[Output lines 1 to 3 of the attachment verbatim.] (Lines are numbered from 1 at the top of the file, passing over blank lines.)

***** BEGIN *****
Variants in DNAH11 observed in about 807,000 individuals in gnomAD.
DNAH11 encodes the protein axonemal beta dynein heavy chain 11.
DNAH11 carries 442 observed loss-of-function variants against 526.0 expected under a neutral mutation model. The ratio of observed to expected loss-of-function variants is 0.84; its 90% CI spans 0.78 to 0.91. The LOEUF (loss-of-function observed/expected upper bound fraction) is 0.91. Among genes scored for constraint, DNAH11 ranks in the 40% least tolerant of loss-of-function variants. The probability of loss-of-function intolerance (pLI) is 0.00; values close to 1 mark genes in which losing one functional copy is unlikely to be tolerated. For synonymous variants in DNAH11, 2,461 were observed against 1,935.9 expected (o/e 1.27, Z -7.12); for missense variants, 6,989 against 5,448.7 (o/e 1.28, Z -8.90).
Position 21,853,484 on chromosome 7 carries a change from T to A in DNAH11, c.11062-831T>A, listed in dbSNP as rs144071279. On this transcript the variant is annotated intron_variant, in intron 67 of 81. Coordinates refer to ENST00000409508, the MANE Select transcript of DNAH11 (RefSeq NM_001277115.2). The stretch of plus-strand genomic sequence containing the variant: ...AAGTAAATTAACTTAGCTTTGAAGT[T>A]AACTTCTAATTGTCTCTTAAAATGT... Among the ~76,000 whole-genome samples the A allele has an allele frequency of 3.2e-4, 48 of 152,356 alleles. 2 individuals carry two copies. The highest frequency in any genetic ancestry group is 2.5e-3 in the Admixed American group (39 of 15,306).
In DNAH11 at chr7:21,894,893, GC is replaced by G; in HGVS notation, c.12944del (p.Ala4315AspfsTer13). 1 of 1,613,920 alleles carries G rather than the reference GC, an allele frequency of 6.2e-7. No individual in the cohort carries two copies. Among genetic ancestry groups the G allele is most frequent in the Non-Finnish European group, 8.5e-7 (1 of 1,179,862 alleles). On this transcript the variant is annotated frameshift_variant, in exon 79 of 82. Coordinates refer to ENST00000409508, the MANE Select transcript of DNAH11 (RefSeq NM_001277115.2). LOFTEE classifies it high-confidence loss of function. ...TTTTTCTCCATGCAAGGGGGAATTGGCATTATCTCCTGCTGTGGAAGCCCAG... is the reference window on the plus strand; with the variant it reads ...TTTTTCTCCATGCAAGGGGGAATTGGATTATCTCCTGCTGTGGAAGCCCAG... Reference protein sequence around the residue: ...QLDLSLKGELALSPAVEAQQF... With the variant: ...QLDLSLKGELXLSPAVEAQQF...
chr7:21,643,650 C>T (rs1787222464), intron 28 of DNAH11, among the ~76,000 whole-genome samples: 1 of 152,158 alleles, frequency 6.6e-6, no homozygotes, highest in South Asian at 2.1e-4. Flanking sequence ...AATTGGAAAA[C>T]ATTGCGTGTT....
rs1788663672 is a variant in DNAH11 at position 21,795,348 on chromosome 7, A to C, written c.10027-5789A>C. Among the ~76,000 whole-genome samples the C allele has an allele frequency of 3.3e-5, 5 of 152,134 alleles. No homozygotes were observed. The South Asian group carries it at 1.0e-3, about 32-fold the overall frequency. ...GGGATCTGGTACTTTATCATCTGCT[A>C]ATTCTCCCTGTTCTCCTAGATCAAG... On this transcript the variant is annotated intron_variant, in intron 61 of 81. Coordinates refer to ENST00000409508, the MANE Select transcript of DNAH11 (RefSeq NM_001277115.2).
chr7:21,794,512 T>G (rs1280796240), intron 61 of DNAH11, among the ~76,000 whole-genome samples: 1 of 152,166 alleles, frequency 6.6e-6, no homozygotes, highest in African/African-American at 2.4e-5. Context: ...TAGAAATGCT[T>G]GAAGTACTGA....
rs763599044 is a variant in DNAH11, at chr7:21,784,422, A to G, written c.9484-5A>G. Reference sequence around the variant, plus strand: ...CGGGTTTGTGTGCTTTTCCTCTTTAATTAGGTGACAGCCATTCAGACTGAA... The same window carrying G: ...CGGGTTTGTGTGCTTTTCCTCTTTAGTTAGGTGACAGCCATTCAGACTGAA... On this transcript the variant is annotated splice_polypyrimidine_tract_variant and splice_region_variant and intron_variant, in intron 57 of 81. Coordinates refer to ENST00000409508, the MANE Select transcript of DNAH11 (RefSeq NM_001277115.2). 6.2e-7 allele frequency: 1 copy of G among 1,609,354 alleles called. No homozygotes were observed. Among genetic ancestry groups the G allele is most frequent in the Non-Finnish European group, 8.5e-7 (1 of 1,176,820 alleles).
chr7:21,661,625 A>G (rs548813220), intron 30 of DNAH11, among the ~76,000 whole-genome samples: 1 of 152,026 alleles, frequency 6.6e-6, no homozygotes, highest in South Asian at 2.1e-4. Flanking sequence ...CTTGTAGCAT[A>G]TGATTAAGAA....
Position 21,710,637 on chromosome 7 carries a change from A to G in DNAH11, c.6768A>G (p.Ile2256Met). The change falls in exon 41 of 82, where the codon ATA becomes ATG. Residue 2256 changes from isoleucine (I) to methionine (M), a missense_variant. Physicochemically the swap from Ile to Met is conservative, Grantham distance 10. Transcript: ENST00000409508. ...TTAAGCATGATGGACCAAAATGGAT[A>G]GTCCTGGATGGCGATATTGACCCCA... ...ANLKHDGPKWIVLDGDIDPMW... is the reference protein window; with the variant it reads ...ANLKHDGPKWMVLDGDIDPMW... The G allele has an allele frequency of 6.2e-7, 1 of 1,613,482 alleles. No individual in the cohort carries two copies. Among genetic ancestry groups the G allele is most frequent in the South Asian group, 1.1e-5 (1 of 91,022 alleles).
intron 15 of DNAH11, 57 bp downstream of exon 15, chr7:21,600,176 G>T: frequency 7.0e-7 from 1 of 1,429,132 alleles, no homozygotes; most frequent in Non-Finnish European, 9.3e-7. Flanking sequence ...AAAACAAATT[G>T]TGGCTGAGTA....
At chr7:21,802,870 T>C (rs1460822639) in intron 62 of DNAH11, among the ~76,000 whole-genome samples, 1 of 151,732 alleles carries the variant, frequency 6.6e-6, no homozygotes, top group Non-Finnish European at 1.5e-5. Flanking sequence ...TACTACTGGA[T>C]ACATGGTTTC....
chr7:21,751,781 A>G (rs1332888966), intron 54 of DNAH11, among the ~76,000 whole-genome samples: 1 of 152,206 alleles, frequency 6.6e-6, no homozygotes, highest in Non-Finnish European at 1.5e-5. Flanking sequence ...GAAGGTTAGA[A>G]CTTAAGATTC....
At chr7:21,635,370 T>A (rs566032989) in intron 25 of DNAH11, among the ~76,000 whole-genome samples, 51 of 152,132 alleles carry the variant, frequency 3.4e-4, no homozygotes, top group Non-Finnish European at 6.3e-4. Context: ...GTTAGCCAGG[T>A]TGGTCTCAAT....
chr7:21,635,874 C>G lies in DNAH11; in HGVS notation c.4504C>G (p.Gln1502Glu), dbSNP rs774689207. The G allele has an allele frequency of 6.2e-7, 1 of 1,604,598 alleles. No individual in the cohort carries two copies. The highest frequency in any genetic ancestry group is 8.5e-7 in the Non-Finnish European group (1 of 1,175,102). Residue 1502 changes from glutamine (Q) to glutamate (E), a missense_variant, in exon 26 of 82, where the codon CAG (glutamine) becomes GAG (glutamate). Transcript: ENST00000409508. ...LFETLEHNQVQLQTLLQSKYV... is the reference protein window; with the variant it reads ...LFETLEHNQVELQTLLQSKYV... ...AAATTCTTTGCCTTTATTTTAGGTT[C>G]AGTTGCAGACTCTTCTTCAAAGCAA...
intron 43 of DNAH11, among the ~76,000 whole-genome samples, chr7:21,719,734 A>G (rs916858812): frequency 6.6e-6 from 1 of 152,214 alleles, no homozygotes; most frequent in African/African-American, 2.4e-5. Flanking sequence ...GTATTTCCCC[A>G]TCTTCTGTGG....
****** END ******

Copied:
Variants in DNAH11 observed in about 807,000 individuals in gnomAD.
DNAH11 encodes the protein axonemal beta dynein heavy chain 11.
DNAH11 carries 442 observed loss-of-function variants against 526.0 expected under a neutral mutation model. The ratio of observed to expected loss-of-function variants is 0.84; its 90% CI spans 0.78 to 0.91. The LOEUF (loss-of-function observed/expected upper bound fraction) is 0.91. Among genes scored for constraint, DNAH11 ranks in the 40% least tolerant of loss-of-function variants. The probability of loss-of-function intolerance (pLI) is 0.00; values close to 1 mark genes in which losing one functional copy is unlikely to be tolerated. For synonymous variants in DNAH11, 2,461 were observed against 1,935.9 expected (o/e 1.27, Z -7.12); for missense variants, 6,989 against 5,448.7 (o/e 1.28, Z -8.90).